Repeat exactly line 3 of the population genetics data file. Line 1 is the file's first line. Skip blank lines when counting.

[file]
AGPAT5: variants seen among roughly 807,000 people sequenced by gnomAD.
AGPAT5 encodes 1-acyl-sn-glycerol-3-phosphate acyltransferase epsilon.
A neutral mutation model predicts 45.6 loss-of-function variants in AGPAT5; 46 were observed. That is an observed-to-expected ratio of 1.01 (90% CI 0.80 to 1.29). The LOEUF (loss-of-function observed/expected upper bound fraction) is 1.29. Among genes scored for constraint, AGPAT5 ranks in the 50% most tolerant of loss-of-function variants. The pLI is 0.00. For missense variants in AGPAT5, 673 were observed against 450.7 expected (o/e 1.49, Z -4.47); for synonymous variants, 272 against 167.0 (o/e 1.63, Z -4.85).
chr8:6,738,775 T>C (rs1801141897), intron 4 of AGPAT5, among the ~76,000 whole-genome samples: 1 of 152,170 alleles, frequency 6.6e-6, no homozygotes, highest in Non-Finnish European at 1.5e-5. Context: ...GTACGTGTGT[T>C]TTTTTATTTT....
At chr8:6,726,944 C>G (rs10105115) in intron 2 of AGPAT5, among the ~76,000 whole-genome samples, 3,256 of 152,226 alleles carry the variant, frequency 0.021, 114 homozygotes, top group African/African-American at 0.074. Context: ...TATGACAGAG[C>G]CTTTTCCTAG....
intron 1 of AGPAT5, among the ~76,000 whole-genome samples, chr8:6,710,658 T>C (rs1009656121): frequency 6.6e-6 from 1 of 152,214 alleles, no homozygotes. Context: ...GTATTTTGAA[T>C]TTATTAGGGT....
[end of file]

A neutral mutation model predicts 45.6 loss-of-function variants in AGPAT5; 46 were observed. That is an observed-to-expected ratio of 1.01 (90% CI 0.80 to 1.29). The LOEUF (loss-of-function observed/expected upper bound fraction) is 1.29. Among genes scored for constraint, AGPAT5 ranks in the 50% most tolerant of loss-of-function variants. The pLI is 0.00. For missense variants in AGPAT5, 673 were observed against 450.7 expected (o/e 1.49, Z -4.47); for synonymous variants, 272 against 167.0 (o/e 1.63, Z -4.85).